NPR’s “All Things Considered” did a story on Amanda Hocking, the bestselling author who found fame and fortune in e-publishing. They called it a Cinderella story – the writer rejected by every agent and publisher she approached, who essentially thumbed her nose at the traditional industry by putting her stories online.
She sold more than a million ebooks, and now the traditional publishers came looking for her. She’s signed a deal with St. Martin’s and her first book, “Switched”, is in stores now.
What I love about the story is that she had the tenacity to keep writing and to find an outlet for her work that generally brought in enough to fill her gas tank before taking off like a rocket. A million dollar rocket.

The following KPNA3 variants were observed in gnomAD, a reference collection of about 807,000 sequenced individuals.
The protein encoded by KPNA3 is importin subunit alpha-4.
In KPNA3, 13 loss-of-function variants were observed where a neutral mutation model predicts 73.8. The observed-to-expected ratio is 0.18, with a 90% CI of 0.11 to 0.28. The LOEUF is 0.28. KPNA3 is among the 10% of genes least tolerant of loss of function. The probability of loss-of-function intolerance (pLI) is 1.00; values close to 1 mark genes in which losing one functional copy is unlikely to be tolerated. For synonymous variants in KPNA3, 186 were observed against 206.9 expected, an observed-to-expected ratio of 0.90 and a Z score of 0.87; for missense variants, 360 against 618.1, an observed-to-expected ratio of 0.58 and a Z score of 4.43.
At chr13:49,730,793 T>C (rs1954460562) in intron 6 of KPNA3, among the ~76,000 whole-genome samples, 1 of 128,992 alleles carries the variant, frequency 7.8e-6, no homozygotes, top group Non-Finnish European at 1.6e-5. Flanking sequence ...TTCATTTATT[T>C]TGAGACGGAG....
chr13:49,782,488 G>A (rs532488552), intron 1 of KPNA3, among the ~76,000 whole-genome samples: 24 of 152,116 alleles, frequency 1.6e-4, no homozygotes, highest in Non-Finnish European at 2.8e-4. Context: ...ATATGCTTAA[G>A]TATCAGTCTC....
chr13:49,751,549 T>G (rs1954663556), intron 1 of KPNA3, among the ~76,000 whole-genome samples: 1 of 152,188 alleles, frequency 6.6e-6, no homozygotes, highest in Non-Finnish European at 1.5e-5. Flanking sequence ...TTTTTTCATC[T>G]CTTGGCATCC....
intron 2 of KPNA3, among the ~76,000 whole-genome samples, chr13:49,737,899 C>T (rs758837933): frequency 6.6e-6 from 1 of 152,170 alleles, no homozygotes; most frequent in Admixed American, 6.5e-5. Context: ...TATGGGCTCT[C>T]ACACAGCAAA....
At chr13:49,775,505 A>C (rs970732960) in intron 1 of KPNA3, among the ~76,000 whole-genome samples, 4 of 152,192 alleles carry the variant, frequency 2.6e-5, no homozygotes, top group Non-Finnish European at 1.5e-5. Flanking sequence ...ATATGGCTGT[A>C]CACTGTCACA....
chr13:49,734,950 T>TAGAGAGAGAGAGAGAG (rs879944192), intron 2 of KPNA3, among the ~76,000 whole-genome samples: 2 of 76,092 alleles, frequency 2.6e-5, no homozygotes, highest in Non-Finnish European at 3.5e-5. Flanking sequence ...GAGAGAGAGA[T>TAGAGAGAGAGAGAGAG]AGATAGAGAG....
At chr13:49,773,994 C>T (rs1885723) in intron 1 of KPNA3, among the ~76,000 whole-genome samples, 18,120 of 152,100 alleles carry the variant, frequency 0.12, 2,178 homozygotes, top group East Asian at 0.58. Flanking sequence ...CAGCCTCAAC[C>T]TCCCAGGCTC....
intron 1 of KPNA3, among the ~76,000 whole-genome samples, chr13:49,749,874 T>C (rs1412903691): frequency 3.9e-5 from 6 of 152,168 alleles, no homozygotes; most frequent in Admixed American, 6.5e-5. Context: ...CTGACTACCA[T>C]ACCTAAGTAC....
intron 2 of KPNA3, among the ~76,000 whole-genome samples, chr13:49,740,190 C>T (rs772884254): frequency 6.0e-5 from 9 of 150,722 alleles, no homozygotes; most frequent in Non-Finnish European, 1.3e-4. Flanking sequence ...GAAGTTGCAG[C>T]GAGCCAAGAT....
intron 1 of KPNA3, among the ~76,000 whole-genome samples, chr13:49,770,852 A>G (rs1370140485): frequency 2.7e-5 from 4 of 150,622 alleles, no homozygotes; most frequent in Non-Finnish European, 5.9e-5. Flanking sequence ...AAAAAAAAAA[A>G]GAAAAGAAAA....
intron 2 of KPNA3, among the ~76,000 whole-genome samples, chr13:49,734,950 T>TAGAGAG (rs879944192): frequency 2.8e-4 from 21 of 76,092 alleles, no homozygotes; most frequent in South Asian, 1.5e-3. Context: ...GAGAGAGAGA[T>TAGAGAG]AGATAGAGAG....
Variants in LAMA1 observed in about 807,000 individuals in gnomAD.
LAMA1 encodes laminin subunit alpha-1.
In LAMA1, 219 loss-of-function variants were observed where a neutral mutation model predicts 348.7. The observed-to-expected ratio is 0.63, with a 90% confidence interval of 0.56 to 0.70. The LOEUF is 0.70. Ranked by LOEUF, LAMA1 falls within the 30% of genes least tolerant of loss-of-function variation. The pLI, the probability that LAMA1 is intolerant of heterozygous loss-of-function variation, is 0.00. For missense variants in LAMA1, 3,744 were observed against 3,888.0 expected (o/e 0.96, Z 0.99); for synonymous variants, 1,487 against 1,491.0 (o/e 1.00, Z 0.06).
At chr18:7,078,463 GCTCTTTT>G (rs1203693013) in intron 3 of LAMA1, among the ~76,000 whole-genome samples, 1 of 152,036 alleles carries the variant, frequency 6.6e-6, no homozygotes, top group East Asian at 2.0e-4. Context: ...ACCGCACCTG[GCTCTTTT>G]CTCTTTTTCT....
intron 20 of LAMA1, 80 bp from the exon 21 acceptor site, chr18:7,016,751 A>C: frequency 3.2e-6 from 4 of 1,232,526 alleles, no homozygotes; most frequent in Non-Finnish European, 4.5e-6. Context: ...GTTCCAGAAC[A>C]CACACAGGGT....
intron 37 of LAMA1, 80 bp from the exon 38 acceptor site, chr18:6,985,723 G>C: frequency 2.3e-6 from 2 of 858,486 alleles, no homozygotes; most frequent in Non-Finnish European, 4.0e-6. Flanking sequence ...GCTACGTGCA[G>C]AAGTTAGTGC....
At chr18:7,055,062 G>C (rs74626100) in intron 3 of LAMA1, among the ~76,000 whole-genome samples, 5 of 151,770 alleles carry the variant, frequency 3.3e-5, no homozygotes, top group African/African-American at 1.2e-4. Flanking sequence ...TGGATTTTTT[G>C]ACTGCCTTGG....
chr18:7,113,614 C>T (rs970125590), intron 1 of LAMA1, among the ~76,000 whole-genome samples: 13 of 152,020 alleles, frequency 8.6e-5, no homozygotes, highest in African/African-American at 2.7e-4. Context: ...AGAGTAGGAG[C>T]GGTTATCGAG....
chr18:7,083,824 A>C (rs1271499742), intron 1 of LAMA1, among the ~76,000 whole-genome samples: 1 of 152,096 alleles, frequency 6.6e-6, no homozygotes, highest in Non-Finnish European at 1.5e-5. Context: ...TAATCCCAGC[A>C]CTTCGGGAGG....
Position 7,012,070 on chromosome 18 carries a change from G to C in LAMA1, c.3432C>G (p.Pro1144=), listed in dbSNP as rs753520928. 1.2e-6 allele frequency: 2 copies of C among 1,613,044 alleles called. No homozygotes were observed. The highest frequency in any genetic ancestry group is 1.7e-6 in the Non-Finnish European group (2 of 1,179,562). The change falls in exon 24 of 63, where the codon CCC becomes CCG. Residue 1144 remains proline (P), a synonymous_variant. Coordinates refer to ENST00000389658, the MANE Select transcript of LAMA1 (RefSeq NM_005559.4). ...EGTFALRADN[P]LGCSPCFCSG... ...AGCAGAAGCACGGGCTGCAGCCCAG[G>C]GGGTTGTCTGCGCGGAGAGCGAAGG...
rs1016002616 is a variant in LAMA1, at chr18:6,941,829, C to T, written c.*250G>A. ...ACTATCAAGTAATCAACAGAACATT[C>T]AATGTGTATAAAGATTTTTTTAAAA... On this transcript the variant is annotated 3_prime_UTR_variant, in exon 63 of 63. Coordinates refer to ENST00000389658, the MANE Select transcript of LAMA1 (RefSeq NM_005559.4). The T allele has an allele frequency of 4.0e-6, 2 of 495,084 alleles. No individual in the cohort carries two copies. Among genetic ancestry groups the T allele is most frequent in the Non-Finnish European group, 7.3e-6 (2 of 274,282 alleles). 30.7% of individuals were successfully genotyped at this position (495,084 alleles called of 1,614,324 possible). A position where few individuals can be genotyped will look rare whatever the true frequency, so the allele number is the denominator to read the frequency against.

My favorite part of the story was this:
“It’s still totally unreal when I think about it,” she says. “It feels so weird to be able to just kind of buy things when I want them or need them.” Like a life-size replica of Han Solo encased in carbonite. It cost $7,000 and sits in her “movie room” — otherwise known as the basement.
You know you’ve made it big when you can plop down $7,000 for Han Solo in carbonite and then store him in your basement.
I think I’ll set a goal this year to finish one of Bandit’s books and put it online. If nothing else, it’ll make me feel like I’ve accomplished something, even if I never can afford Han Solo in carbonite. Which is good, because I’ve never really wanted Han Solo in carbonite. See, I’m feeling positive already!